The PMI ASIA Initiative
Regional Economic Integration
Growing Importance: In Asia, there is now a growing recognition of the importance of regional economic integration to generate growth impulses from within, especially in the wake of the East Asian crisis (CUTS International 2006).
A New Platform for Development: By coming together, Asia's economies have grown much stronger. The regional integration provides a new platform for economic development that is good for individual economies, good for Asia, and the rest of the world. The Asian Development Bank (ADB) considers this development as a "partnership for shared prosperity."
Role of Supply Chain
In Factory Asia: The 2010 ADB report on the Asian Economic Community suggests that the region's world-beating economic growth owes much to its success in developing an intricate web of regional supply chains and production networks, often known as 'Factory Asia' which offers exceptional cross-border collaboration involving shipments of raw materials and manufacturing parts and components crisscrossing the region, along with increasingly-business people, managers, and other skilled people, as well as foreign investment.
In Knowledge Management: The globalization of the supply chain brought with it new trends. This includes dual/multiple sourcing, geographical dispersion of suppliers, increased visibility up the supply chain, sophisticated analytics, and rapid response plans among others. With this mega shift, supply chain management, as a discipline, has become the source and repository of significant business and economic information.
Need for Regional Economic Indicator
Support to Regional Integration: To support the initiatives for regional cooperation and integration (RCI), ADB established the Office of Regional Economic Integration (OREI) in April 2005, to coordinate and support RCI initiatives by serving as a knowledge center and supporting ADB's programs in policy consultation and institutional capacity building for developing member countries as well as regional and sub-regional groups (ADB 2012).
What is the PMI?
A Composite Index: The Purchasing Managers' Index (PMI) is a composite index which measures factors such as new orders, production, supplier delivery times, backlogs, inventories, prices, employment, import orders, and exports. It measures the health of industries and is published monthly, based on information collected the prior month.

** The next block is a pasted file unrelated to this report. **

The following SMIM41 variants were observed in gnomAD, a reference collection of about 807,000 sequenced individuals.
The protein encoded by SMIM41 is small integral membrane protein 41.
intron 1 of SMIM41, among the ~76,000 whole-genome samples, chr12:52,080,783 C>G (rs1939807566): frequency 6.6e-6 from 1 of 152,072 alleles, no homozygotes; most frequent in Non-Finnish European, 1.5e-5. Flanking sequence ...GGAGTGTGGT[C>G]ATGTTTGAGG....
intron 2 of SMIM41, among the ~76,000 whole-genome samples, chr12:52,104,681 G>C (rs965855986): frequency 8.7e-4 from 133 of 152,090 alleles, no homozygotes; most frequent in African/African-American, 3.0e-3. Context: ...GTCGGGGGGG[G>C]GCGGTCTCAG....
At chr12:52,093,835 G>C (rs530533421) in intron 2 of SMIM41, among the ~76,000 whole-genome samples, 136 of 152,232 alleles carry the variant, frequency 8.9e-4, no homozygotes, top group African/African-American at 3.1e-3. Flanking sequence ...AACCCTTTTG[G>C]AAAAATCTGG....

IFPSM Directive: During the world conference of the International Federation of Purchasing and Supply Management (IFPSM) that was held in Manila in April 2012, the IFPSM Board directed the Philippine Institute for Supply Management, Inc. (PISM) and Foundation of the Society of Fellows in Supply Management, Inc. and Foundation of the Society of Fellows in Supply Management, Inc. (SOFSM) was directed to conduct a study that will determine the feasibility of publishing PMI Asia. Countries represented during the board meeting supported the proposal and expressed interest in PMI Asia.
During the world conference of the International Federation of Purchasing and Supply Management (IFPSM) held in Manila in April 2012, the Philippine Institute for Supply Management, Inc. (PISM) and Foundation of the Society of Fellows in Supply Management, Inc. (SOFSM) was directed to conduct a study that will determine the feasibility of publishing PMI Asia."
Significance of PMI Asia: PMI Asia will further highlight the role of supply chain management and the profession in globalization and regional integration. It will substantiate the profession's key role in knowledge management and providing policy decision makers with timely and reliable information. More importantly, it will supplement existing reports and economic indicators and will help decision makers in policy formulation.
The PMI is used by fiscal and monetary planners in developed countries like United Kingdom, United States, France, Italy, Japan, Hong Kong, Germany and the Eurozone. It is an alternative measure of output and provides government policy-makers and decision-makers with a timely and regular economic barometer. PMI is conducted in 32 countries the results of which are widely used by policy-makers.
The PMI is a composite index which measures the monthly performance of the Economy. —whether the economy is expanding, contracting, remains the same. Central banks or monetary authorities use the PMI as a tool for planning.
Benefits of PMI
- PMI data correlates very closely with comparable official data.
- PMI data is available ahead of official economic data.
- PMI data tend to be less volatile than official data allowing easier identification of trends and turning points.
Users of PMI
- Government Institutions
- Financial Institutions (Economist and Financial Analyst)
- Educational Institutions
- Manufacturing Industry
- Construction Companies
At present, there are 32 countries with a PMI eight of which are in Asia. The eight Asian countries reporting a PMI are Hong Kong China, Singapore, Japan, China, India, Philippines, South Korea and Taiwan. There are other countries with plans to produce the PMI but these plans have not materialized. There are resources needed to implement the PMI.
PMI regional reports include PMI Eurozone and PMI North America. Within each region, there are PMI country reports. As of yet, there is no PMI Asia.